, using the RMSprop algorithm with an initial learning rate of, a mini-batch size of and . Training a fractional heatmap based hourglass model on W takes hours on a P GPU.
During the stabilization training, we set and to make all terms in the stabilization loss (11
) on the same order of magnitude. We estimate the average varianceof across all training videos and all landmarks, and empirically set the initial value of as . Also, we initialize
as a zero matrix, as , and .
Fractional vs. Conventional Heatmap Regression
We first compare our fractional heatmap regression with the conventional version Newell, Yang, and Deng (2016) and other state-of-the-art models Xiong and De la Torre (2013); Zhang et al. (2014); Zhu et al. (2015); Trigeorgis et al. (2016); Kowalski, Naruniec, and Trzcinski (2017); Chen et al. (2017) on W test set. The training set includes images, and the test set contains images. Note that the stacked hourglass networks for our fractional method and the conventional one are the same. The only difference is the transformation between the heatmaps and the coordinates, where our method preserves the fractional part. As shown in Tab. 1, our method significantly outperforms the conventional version with an improvement of on NRMSE, and is also better than the state-of-the-art model Chen et al. (2017).
What’s more, the standard NRMSE cannot fully reflect the advantage of our FHR compared to CHR, since it eliminates the scaling effects by dividing the inter-ocular distance. To further demonstrate the effects of FHR, we calculate RMSE without normalization. Specifically, we collect the inter-ocular distances of all images and evenly divide the distances to five groups w.r.t. face scales. Tab. 2 shows that with larger scales, the gap between FHR and CHR is bigger. Especially in the largest scale, FHR achieves pixel promotion for each landmark on average.
Stabilization Loss for Time Delay
Here we demonstrate the effectiveness of our proposed time delay term (i.e., the right part of Eq. 12). As in Fig. 3, compared to the fractional heatmap regression’s output, the stabilized output is not only more smooth, but also closer to ground truth landmarks. Besides, when the time delay term is removed (), the stabilized outputs behave lagged behind the ground truth while this phenomena is largely suppressed by using our proposed loss (Eq. 12).
|Methods||CFAN (2014)||CFSS (2015)||IFA (2014)||REDnet (2016)||TSTN (2017)||CHR (2016)||FHR||FHR+STA|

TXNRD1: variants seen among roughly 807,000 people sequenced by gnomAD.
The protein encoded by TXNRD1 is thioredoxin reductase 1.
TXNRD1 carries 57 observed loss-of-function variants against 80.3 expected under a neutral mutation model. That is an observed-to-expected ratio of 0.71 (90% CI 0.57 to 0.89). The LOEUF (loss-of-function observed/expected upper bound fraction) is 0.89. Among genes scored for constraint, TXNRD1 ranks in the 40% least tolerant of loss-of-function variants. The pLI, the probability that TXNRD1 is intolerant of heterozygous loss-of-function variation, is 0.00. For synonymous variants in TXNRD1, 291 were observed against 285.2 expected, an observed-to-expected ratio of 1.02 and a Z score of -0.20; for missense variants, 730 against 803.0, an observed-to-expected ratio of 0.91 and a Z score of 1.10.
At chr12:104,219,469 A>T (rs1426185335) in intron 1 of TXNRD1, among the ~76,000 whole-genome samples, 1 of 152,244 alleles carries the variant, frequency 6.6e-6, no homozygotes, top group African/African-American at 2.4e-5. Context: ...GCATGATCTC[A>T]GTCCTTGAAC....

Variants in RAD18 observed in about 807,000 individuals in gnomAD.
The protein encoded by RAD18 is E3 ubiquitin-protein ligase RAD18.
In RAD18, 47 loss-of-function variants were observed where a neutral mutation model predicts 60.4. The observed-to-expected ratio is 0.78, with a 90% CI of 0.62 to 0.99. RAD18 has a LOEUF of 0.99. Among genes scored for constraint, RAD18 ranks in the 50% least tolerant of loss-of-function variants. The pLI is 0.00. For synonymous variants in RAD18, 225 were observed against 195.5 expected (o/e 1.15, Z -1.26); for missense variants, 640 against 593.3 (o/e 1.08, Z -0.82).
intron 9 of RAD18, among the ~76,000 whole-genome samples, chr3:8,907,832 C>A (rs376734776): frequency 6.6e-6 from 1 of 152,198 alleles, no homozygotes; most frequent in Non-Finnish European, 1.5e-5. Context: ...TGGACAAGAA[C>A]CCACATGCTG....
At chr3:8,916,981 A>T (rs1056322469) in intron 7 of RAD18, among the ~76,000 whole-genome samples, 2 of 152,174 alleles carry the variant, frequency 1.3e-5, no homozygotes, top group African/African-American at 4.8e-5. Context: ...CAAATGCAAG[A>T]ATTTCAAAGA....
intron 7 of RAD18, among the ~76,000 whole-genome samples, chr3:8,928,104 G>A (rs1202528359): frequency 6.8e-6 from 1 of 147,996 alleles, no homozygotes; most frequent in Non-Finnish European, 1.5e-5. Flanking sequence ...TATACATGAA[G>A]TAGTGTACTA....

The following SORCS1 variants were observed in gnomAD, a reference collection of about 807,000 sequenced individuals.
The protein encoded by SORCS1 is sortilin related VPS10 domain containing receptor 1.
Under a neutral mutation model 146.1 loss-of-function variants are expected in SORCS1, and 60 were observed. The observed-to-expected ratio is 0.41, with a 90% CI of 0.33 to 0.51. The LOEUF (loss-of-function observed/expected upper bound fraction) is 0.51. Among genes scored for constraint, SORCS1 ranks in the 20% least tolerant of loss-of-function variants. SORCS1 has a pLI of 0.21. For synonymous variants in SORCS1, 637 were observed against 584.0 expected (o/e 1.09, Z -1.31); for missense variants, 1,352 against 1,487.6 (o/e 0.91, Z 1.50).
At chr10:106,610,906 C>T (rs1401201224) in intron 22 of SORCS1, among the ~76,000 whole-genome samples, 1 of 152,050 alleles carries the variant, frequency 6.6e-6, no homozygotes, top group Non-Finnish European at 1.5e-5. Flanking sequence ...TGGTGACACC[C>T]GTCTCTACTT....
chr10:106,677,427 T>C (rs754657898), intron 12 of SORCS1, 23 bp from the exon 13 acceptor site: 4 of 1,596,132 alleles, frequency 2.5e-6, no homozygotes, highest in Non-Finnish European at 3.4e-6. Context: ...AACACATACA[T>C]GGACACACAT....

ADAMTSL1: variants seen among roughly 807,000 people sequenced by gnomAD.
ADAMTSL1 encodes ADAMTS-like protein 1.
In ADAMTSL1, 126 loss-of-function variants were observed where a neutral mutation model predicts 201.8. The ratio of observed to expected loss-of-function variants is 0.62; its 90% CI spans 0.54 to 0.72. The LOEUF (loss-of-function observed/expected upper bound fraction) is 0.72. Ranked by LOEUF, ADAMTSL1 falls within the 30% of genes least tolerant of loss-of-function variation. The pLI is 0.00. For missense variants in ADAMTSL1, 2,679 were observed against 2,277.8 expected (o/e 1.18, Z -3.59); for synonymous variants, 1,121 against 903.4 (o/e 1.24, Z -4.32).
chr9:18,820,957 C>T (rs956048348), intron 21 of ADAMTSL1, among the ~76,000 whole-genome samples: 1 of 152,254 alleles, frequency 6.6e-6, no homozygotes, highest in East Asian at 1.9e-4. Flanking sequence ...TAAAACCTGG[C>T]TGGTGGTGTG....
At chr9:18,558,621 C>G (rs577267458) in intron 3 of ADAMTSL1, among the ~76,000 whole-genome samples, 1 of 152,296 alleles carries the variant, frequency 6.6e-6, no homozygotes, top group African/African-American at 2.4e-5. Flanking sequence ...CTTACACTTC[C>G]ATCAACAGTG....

Stabilization Loss for Smooth
Next, we evaluate the impact of each term in our loss function (11) on NRMSE and stability. We use the consistency between the cross-time movement of the landmarks and the ground truth as an indicator of stability. Specifically, we calculate and for every video in the test set, and calculate the average NRMSE between and . Assuming that the ground truth is stable, a lower value indicates higher stability.
Comparisons with State of the Arts
We now compare our methods FHR and FHR+STA (i.e., the stabilized version) with state-of-the-art models Peng et al. (2016); Liu et al. (2017); Kowalski, Naruniec, and Trzcinski (2017); Zhang et al. (2017) on two video datasets: -VW and Talking Face. The comparison adopts two popular settings (i.e., and landmarks) used in prior works.
|Methods||TSCN (2016)||CFSS (2015)||TCDCN (2016)||TSTN (2017)||CHR (2016)||FHR||FHR+STA|
Comparison with Landmarks
First, we evaluate our method on the -VW Shen et al. (2017) dataset and compare with REDnet Peng et al. (2016), using the code released by the authors. Tab. 4 shows the results on the three test sets. Our proposed method achieves much better performance than REDnet in all cases. Especially in the hardest Scenario, our method achieves a large improvement of , which shows the robustness of our method to large facial variations.
Then, we evaluate our method on the Talking Face FGNET (2014) dataset compared with state-of-the-art models, such as CFAN Zhang et al. (2014), CFSS Zhu et al. (2015), IFA Asthana et al. (2014), REDnet Peng et al. (2016) and TSTN Liu et al. (2017). Although the annotations of the TF dataset has the same landmark number as -VW dataset, the definitions of landmarks are different. Therefore, following the setting in Liu et al. (2017); Peng et al. (2016), we use landmarks for fair comparisons. The results are shown in Tab. 5, in which the performance of Zhang et al. (2014); Zhu et al. (2015); Asthana et al. (2014) are directly cited from Peng et al. (2016); Liu et al. (2017). Since the images in TF set are collected in controlled environment and with small facial variations, all of the methods achieve relatively small errors, and our proposed method is still the best.
Comparison with Landmarks